It’s like having an ultra-strong rope that’s amazingly lightweight. We recommend having at least ten feet of paracord with you while you’re backpacking to account for a variety of things not going as planned.

9. Local Handbook

reading instructions while hiking

Backpacking is often synonymous with inexpensive international travel. 

You can absolutely visit a foreign country and backpack through it, but you must take into account the local wildlife, terrain, and issues that you’re not accustomed to from being back stateside.

Most tourist shops or airport book stores will have information that you can grab for free, or some inexpensive miniature handbooks or pamphlets with important information.

If there are any poisonous insects or wildlife to look out for, see what you can do to prepare for potential encounters.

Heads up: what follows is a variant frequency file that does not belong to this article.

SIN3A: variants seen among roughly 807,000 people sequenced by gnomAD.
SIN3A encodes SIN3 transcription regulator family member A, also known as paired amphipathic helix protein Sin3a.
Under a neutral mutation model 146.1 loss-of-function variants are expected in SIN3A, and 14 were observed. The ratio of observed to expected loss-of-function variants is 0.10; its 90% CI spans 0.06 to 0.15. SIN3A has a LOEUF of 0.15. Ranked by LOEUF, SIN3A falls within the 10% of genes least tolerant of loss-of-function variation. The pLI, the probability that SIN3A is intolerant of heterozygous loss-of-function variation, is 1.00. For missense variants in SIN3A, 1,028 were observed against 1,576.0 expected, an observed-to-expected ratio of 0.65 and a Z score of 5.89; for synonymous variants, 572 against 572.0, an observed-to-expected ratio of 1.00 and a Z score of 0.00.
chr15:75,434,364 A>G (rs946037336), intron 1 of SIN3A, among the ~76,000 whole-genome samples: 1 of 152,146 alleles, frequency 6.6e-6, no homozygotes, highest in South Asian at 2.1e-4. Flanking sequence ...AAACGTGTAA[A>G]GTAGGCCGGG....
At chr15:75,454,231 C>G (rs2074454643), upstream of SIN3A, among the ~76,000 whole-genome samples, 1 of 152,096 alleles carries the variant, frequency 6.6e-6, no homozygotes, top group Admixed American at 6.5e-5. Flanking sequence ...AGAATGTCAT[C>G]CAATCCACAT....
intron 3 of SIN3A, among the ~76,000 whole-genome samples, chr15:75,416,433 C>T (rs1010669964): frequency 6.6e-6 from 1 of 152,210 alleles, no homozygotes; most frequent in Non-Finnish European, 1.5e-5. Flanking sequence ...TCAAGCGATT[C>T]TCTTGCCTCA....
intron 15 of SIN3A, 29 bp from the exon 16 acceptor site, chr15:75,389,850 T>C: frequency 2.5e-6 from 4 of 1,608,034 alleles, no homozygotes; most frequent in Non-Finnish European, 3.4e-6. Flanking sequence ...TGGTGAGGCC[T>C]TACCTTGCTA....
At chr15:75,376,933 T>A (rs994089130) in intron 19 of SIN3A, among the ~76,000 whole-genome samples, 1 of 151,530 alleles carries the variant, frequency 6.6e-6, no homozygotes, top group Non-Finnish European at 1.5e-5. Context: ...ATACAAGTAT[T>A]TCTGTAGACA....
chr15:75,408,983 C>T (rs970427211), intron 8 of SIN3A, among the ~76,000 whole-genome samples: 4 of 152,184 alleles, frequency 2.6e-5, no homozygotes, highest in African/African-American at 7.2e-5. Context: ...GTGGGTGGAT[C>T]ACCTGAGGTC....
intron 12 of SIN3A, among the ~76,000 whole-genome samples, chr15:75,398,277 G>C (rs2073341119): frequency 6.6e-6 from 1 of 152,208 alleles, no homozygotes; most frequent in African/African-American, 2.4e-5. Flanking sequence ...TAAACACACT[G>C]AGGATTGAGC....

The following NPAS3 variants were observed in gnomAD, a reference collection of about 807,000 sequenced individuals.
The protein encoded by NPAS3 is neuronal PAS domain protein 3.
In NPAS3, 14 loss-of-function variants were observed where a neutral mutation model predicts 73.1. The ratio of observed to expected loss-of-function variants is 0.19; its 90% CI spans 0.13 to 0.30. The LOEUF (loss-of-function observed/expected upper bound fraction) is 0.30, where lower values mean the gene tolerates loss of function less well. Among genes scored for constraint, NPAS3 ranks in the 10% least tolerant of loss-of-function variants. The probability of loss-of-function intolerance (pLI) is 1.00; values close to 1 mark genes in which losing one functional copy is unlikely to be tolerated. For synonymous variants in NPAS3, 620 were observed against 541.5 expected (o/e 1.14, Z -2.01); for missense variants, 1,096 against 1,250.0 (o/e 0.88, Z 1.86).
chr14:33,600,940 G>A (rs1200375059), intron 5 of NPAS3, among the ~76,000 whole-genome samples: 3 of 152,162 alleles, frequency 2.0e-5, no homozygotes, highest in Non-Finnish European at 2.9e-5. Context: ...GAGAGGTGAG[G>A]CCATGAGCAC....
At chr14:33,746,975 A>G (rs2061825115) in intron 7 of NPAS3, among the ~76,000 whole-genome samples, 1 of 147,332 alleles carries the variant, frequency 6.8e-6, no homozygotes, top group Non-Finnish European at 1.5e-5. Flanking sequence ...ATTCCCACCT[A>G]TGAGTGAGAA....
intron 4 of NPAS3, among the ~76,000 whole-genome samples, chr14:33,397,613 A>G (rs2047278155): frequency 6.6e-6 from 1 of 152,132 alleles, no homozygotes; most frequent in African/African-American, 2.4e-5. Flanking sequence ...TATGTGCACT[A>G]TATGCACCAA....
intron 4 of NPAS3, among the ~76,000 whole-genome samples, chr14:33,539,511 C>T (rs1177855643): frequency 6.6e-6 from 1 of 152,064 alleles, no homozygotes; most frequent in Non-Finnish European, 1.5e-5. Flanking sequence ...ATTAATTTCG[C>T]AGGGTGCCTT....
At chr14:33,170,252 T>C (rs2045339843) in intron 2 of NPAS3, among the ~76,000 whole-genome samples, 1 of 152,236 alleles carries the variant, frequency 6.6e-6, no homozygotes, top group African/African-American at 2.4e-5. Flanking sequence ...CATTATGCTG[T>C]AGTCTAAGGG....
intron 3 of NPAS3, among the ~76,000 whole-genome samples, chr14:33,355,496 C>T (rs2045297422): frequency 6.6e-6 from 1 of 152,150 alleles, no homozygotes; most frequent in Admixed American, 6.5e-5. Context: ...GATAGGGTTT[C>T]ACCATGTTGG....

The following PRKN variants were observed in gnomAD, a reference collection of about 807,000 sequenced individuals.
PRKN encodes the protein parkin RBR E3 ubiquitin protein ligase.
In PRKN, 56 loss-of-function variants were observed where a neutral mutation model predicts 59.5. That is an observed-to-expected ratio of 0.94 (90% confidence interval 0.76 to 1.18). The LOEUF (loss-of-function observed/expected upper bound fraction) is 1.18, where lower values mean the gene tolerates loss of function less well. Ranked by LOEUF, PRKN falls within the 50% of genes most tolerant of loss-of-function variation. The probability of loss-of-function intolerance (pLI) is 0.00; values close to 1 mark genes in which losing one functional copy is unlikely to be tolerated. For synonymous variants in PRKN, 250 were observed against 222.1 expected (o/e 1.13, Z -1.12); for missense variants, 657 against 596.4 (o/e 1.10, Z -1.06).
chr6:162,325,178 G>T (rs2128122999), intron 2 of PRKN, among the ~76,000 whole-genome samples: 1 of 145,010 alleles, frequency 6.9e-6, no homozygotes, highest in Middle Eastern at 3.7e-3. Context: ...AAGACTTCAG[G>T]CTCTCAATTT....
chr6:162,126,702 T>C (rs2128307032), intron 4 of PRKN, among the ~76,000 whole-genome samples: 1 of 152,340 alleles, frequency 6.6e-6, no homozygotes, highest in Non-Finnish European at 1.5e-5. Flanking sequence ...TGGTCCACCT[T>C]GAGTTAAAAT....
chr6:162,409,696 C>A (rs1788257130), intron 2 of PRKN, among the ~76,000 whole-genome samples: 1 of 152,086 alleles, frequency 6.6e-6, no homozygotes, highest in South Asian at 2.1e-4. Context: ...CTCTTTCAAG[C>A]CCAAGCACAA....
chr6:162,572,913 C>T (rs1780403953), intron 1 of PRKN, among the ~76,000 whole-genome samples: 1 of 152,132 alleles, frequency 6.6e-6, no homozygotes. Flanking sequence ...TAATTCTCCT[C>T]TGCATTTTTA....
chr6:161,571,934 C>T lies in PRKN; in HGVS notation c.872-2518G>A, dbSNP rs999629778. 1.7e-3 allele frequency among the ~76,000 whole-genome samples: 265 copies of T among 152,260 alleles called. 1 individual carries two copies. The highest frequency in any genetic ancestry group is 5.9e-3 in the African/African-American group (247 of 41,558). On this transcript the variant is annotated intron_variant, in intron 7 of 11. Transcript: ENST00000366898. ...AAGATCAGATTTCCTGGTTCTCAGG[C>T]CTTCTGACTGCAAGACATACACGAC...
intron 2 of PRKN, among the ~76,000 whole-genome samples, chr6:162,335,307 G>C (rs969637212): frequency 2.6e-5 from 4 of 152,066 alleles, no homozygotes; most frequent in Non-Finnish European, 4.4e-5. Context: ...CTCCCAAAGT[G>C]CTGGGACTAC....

10. Sealable Bags

If you’re backpacking for international travel, do yourself a favor and get a sealable bag that can store dirty laundry.

This is useful both to ensure you don’t reek when you go into public areas and to store dirty or wet clothes without compromising food and/or first-aid essentials in your backpack.

Plus, nobody wants to smell dirty laundry all the time. This keeps the scent out of your nostrils and trapped in the bag. Be aware that the scent will be pungent when you open it to do laundry.

Quality Gear That Never Quits

Having a well-prepared backpacking checklist is the key to a smooth and enjoyable outdoor adventure.

We’ve been using some of the highest-rated and essential gear for years, and we want to ensure you’re as prepared as possible when you’re out on the trail or at the campsite.

Due to their constant movement, backpackers run a higher risk of injury or losing their way, so stay vigilant and well-equipped.